Everyone faces problems in life – be it failing an exam, losing a job, or having to endure a difficult spouse, disobedient children, or poor health. Most of us try to solve these problems by relying on external solutions. However, in the Vachanamrut, Shriji Maharaj encourages us to look internally for solutions. The solutions that Maharaj imparts through the Vachanamrut, moreover, can help any person in any phase of life. Whether you’re a struggling freshman trying to gain your footing in college, a parent or child trying to learn how best to deal with your loved ones, or a satsangi with a burning desire to progress in satsang, the Vachanamrut has life lessons for all.
Many of us start our educational pursuits with high hopes for the future. As children, some of us dream of being politicians, business entrepreneurs, law-enforcement officers, or medical professionals. As adolescence sets in, however, entertainment, social media and peer groups often cause our energies to dissipate, leading us to lose the focus and drive we once had towards achieving our academic and professional goals.
The Vachanamrut presents a simple solution for reinvigorating our drive to achieve. In Gadhada I 25, Maharaj encourages us to reign in our diverse energies and develop absolute concentration on a singular goal. He argues that such focus can lead to unprecedented inner strength.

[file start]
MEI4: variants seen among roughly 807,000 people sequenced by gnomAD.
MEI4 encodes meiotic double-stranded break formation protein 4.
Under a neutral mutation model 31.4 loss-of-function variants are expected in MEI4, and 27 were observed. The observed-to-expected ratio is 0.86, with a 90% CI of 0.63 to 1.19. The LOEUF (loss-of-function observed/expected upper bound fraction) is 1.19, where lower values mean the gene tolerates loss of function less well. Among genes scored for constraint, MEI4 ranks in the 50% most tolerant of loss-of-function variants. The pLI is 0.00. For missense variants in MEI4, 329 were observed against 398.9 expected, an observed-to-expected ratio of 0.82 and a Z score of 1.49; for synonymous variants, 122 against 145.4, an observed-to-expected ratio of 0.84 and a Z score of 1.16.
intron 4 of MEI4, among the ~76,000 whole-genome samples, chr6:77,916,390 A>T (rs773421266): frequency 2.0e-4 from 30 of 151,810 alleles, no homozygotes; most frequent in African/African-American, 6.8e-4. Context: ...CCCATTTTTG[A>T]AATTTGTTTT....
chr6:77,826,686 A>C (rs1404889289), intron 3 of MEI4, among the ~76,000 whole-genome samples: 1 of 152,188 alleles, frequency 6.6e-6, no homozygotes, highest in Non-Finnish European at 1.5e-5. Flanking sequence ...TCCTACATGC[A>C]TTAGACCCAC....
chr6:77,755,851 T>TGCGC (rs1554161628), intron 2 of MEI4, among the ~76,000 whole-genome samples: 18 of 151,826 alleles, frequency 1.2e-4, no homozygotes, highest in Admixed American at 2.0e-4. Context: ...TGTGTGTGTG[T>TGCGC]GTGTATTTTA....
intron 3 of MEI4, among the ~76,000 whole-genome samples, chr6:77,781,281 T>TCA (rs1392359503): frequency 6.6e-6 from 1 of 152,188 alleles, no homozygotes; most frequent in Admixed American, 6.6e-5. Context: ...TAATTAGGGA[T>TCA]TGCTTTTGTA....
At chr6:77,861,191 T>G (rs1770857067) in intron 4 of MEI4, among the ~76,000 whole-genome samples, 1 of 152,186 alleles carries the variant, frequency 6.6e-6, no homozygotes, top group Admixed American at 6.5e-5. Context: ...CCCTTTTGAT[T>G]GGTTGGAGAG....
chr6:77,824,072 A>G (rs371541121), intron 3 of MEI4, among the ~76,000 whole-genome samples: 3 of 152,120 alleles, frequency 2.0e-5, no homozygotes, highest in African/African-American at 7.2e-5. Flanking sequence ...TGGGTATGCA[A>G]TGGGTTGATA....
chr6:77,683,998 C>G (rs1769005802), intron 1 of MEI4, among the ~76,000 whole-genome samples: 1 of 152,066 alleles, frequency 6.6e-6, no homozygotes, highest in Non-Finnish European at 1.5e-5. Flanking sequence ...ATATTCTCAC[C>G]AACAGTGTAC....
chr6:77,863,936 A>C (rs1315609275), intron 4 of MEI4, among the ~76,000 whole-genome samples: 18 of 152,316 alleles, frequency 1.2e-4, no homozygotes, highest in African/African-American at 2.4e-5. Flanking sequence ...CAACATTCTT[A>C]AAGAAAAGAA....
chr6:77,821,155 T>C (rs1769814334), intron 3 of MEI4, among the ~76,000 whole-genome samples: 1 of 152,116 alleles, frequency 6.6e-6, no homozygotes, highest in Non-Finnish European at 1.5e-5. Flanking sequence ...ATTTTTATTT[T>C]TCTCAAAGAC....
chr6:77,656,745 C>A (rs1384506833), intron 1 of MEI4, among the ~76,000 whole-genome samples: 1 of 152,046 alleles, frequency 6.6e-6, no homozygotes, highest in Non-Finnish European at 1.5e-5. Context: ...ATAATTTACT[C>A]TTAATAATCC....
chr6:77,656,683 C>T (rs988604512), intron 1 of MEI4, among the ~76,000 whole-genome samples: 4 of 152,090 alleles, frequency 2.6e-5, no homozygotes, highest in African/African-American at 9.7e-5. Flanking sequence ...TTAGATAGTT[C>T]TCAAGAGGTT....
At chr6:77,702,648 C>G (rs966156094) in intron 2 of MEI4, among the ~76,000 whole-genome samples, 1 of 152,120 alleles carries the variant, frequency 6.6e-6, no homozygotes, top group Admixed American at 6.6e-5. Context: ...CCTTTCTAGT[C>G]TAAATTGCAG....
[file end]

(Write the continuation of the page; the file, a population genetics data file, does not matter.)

Keeping in mind his largely agrarian audience, Maharaj explains his point using a farming analogy. Specifically, he describes an irrigation apparatus that employs oxen to draw water out of a well. Each pair of oxen yolked to the apparatus draws water using one large pail of water, known as a kosh. As the pair walks back and forth, the kosh is lowered into the well, filled with water, and then raised to the well’s edge to be emptied into a water channel. An average farmer will employ either one or two pairs of oxen in this task, sending an intermittent flow of water through the field. Maharaj, however, analogizes a giant apparatus through which twenty pairs of oxen pull twenty pails, respectively. He explains, “If twenty pails of water are drawn from a well and the flow of water from each pail is allowed to flow in a separate direction, there would be little force in each flow. However, if the flow of all twenty pails of water is combined, the resultant flow would become extremely powerful – almost like that of a river – and would not be able to be diverted by any means whatsoever.” In the same way, Maharaj concludes, consolidating our energies and channelling them in a common direction can lead to renewed vigour, helping us achieve our goals. For the student, this means that cutting out distractions and developing singular focus on education can lead to better results.